2. thanks for posting the Euro covid study.
    Like so many others, they make conclusive pronouncements in their conclusions about transmission when they leave considerable doubt in the analysis and discussion. Every passenger on the flight boarded and deplaned through a common area so it is still not clear that the people were actually infected on the aircraft.
    Does traveling sick expose others to risk? absolutely. But when the travel ribbon contains scores of touch points and many common origins and destinations, arguing that the airplane itself is the location of transmission is neither supported by research or logic.

    When recommendations to reduce the spread of disease are violated or ignored, as was the case for at least some of the passengers on the flight, people will become infected and some people will get sick.

    1. “Does traveling sick expose others to risk? absolutely. But when the travel ribbon contains scores of touch points and many common origins and destinations, arguing that the airplane itself is the location of transmission is neither supported by research or logic.”

      It’s the same thing with public transit as well, but don’t tell that to NYers who are avoiding transit for fear of catching Covid.

      1. public transit doesn’t have HEPA filters to clean air. During normal rush hours on 4/5/6 train, you are often squeezed next to each other in New York transit. That leaves a lot less real estate than on an airplane. I wouldn’t be surprised if that was the cause of the initial spread in NYC.

        1. There is a lot of reason to believe that high population density and multi-generational households were significant factors in the spread of covid not just in the NE US but also in Europe.

          Being IN society is a risk right now because none of us know who is infected and who is not. The option is to completely stay home and protect oneself or to require everyone to stay home. That is what Europe (to varying degrees depending on the country) is doing again but that strategy at best just flattens the curve which is what we were told in the US was the goal of the original lockdowns.

          There are riots in Europe because of new lockdowns; the chances of full-scale compliance are not high because many people understand that no government can repay what they are losing in being able to work.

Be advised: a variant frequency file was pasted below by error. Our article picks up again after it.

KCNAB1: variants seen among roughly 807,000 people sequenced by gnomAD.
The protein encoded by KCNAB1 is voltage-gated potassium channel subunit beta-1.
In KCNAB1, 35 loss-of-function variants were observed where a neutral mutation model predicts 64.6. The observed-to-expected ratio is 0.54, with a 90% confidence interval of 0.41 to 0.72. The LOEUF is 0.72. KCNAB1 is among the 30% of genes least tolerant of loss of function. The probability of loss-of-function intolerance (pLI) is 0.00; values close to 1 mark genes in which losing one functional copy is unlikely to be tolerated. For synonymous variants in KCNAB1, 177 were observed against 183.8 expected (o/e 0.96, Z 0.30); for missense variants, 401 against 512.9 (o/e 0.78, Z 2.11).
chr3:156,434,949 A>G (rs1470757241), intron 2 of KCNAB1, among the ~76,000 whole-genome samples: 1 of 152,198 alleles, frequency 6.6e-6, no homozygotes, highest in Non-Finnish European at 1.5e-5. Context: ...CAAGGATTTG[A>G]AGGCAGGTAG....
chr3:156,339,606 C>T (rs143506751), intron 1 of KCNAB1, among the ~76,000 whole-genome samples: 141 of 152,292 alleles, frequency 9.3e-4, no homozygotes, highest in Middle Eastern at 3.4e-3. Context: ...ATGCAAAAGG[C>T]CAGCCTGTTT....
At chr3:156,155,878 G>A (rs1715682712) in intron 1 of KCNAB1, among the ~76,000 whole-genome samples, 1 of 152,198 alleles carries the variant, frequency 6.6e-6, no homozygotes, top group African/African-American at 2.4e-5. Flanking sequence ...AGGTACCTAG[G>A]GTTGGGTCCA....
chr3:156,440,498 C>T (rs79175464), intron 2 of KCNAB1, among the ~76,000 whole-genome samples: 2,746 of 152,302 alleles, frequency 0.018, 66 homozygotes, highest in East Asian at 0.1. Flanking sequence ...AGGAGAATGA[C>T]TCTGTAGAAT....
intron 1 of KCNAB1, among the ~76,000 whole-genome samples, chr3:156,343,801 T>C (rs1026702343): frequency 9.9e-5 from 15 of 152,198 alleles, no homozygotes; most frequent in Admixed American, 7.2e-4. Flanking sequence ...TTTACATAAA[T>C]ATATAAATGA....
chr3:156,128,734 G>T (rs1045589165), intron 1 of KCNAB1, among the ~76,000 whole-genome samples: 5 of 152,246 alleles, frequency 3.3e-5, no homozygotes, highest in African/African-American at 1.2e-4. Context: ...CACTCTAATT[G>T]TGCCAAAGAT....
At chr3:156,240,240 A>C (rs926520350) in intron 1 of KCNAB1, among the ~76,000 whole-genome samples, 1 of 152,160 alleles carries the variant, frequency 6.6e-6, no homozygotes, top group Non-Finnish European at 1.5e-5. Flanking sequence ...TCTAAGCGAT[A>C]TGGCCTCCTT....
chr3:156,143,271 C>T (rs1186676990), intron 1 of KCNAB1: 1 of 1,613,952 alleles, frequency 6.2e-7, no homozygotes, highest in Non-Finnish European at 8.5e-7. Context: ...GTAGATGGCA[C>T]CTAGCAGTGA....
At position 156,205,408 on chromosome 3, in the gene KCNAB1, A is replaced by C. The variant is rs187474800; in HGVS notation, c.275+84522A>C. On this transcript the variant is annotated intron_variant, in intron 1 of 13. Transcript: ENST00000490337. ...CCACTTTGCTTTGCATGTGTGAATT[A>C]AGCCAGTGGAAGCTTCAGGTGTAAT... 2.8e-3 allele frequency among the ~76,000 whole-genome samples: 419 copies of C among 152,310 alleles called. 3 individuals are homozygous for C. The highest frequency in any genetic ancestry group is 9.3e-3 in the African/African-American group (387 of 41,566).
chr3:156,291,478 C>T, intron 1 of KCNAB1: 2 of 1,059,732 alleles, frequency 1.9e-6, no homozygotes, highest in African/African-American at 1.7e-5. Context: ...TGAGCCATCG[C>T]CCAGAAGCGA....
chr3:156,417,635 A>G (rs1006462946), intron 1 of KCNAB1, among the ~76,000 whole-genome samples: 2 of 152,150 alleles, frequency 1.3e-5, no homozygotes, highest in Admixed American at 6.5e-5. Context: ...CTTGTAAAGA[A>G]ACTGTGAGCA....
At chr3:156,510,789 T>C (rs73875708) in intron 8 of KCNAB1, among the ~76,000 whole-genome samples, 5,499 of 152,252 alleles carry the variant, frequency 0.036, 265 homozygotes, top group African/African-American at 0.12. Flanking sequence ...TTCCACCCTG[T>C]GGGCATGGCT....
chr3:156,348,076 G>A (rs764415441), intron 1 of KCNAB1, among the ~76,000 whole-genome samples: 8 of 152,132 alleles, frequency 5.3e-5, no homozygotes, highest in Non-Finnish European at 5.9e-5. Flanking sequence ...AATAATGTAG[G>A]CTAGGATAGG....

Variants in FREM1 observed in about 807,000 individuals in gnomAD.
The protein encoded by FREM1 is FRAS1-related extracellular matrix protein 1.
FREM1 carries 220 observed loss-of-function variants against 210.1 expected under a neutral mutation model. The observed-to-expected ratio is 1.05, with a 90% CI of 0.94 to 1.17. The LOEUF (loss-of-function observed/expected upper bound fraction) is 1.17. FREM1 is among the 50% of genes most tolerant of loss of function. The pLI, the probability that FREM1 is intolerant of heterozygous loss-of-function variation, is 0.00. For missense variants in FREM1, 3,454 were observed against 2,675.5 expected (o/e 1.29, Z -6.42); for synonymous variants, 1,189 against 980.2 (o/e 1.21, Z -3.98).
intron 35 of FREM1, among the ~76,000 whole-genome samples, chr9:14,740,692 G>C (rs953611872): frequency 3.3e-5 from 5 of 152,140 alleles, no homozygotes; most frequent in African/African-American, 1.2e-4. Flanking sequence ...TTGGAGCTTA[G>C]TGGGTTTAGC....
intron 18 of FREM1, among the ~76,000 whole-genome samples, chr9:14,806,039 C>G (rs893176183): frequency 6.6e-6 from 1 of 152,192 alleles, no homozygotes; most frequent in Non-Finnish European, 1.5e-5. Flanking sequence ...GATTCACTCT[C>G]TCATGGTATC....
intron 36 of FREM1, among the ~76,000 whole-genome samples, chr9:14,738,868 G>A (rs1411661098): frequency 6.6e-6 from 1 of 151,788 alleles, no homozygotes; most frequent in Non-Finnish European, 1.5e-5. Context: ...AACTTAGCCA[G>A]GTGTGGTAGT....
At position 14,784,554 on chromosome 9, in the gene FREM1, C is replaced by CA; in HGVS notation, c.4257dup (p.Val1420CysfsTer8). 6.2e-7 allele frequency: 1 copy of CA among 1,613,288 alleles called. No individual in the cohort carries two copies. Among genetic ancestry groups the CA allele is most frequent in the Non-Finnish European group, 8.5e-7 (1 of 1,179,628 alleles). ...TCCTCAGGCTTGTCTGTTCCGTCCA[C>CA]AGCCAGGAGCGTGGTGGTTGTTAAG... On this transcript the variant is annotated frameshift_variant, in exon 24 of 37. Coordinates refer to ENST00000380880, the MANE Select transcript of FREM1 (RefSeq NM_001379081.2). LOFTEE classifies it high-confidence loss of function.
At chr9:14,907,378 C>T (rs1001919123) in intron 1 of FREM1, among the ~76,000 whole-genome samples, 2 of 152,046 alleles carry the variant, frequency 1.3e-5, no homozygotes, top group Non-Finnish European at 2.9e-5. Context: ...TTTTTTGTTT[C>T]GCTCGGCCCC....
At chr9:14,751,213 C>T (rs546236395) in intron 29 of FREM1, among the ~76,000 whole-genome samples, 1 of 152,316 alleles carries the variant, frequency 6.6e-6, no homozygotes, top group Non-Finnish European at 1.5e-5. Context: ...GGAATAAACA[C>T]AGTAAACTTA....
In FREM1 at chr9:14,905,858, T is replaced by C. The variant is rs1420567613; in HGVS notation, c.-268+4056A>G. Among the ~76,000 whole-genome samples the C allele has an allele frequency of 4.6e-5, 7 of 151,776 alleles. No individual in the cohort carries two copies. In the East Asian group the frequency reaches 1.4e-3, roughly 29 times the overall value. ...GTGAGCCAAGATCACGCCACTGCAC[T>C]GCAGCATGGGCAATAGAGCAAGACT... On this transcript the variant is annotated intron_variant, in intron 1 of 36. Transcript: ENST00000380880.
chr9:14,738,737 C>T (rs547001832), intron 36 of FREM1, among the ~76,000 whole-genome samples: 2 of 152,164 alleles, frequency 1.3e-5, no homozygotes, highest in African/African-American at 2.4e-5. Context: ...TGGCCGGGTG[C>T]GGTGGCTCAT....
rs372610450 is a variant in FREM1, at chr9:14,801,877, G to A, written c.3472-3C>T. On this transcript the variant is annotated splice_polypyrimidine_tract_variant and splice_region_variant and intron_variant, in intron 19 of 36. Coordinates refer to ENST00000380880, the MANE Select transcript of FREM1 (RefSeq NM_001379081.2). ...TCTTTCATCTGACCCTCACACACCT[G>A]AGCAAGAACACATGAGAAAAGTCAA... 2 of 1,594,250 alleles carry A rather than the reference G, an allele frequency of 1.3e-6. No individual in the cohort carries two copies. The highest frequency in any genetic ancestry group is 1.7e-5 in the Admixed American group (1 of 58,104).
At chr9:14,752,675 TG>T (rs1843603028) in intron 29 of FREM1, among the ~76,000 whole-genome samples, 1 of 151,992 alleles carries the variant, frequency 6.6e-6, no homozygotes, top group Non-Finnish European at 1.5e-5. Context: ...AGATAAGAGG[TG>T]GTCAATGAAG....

The virus is clearly widespread. Travel is inherently risky from a disease standpoint but the actual airplane is probably the safest part of the experience. The study cited here doesn’t conclusively say where disease transmission happened.

          1. “…but the actual airplane is probably the safest part of the experience.”
            Just don’t use a toilet on any plane, especially if someone else was just inside it a few minutes prior. Air does not get replaced that rapidly, and studies have already shown that the virus can live up to 23 days on various tested surfaces.
            Also all the people sitting in a certain radius around you have to be completely compliant with masks, which as you know from social media does not happen. I’d hate to be seated on a plane with a person next to me, or behind me, or in front of me, coughing or sneezing, even briefly a few times. Ever seen the backlit videos from researchers showing the droplet dispersion thru the mask when coughing, sneezing, or even yelling loudly? No one is wearing true medical grade N95 masks. Masks are being made from all sorts of materials, some even only 1 layer thick (or thin as the case may be). All the people on the plane sitting around you are wearing masks of different efficacy, or hardly any efficacy, which makes some of these masks just face decorations allowing boarding onto a plane. Unfortunately we don’t live in a predictable laboratory environment. Bad behaviors happen. Also no real universal robust contact tracing is being done at all for aircraft passengers – you only hear almost anecdotally when there a few cross-infection stories in the news. Airlines and the travel industry in general don’t want robust contact tracing of their passengers following flights for fear of further scaring people away and compounding the economic disaster.

            1. covid is well down the list of things you should be worried about in an airplane lav.

  3. That ANA release reads like a parody, why can’t Peach do that flying. Also the graphics are just insane. Also buried in there is “Dissolve the PanAM International Flight Academy in USA.”

  4. That ANA press release is almost as painful to look at as the damaged 747SP.

    Almost, That SP loss is a damn shame.